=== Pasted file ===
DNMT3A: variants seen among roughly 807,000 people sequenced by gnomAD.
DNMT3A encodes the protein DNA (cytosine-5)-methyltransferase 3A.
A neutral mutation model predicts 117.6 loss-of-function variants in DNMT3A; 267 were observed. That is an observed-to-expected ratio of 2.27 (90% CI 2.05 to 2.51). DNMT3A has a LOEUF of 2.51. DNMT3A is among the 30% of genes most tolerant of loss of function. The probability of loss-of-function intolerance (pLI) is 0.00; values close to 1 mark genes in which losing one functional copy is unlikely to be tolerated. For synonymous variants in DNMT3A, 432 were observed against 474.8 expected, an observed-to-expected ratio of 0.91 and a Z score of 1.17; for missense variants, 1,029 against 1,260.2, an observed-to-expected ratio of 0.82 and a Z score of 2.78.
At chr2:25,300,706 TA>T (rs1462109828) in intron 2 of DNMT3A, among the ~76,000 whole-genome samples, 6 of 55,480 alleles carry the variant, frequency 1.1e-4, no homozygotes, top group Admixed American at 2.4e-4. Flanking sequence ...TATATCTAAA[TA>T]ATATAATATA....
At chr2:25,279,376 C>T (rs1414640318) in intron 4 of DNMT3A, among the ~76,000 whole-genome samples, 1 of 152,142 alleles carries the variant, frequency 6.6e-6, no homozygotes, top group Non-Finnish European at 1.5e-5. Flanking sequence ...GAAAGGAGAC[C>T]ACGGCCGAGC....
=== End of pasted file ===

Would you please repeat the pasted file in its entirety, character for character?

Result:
DNMT3A: variants seen among roughly 807,000 people sequenced by gnomAD.
DNMT3A encodes the protein DNA (cytosine-5)-methyltransferase 3A.
A neutral mutation model predicts 117.6 loss-of-function variants in DNMT3A; 267 were observed. That is an observed-to-expected ratio of 2.27 (90% CI 2.05 to 2.51). DNMT3A has a LOEUF of 2.51. DNMT3A is among the 30% of genes most tolerant of loss of function. The probability of loss-of-function intolerance (pLI) is 0.00; values close to 1 mark genes in which losing one functional copy is unlikely to be tolerated. For synonymous variants in DNMT3A, 432 were observed against 474.8 expected, an observed-to-expected ratio of 0.91 and a Z score of 1.17; for missense variants, 1,029 against 1,260.2, an observed-to-expected ratio of 0.82 and a Z score of 2.78.
At chr2:25,300,706 TA>T (rs1462109828) in intron 2 of DNMT3A, among the ~76,000 whole-genome samples, 6 of 55,480 alleles carry the variant, frequency 1.1e-4, no homozygotes, top group Admixed American at 2.4e-4. Flanking sequence ...TATATCTAAA[TA>T]ATATAATATA....
At chr2:25,279,376 C>T (rs1414640318) in intron 4 of DNMT3A, among the ~76,000 whole-genome samples, 1 of 152,142 alleles carries the variant, frequency 6.6e-6, no homozygotes, top group Non-Finnish European at 1.5e-5. Flanking sequence ...GAAAGGAGAC[C>T]ACGGCCGAGC....